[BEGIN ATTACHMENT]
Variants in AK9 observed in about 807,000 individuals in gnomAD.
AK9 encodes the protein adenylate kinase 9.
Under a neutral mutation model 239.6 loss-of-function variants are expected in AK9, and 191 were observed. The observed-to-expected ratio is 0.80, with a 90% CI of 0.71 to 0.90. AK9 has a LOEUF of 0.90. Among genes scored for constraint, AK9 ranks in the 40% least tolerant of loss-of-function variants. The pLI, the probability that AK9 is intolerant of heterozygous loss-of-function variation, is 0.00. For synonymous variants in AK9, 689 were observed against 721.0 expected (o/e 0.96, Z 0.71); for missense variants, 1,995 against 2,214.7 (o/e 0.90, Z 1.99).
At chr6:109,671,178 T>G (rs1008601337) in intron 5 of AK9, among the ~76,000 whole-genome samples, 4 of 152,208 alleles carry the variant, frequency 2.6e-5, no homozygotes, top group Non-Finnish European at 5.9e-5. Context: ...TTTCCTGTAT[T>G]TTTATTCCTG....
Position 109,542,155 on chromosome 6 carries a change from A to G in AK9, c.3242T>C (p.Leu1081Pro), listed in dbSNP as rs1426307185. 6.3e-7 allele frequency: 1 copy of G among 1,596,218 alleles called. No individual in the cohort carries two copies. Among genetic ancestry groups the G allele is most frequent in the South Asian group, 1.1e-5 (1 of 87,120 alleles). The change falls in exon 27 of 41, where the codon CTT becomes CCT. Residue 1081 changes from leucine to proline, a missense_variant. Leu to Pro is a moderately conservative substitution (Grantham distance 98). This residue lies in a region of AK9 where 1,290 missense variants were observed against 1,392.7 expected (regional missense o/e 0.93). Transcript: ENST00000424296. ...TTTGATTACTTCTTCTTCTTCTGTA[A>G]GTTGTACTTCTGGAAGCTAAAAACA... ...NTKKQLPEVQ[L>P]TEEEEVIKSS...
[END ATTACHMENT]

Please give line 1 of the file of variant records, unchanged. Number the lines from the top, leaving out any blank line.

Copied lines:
Variants in AK9 observed in about 807,000 individuals in gnomAD.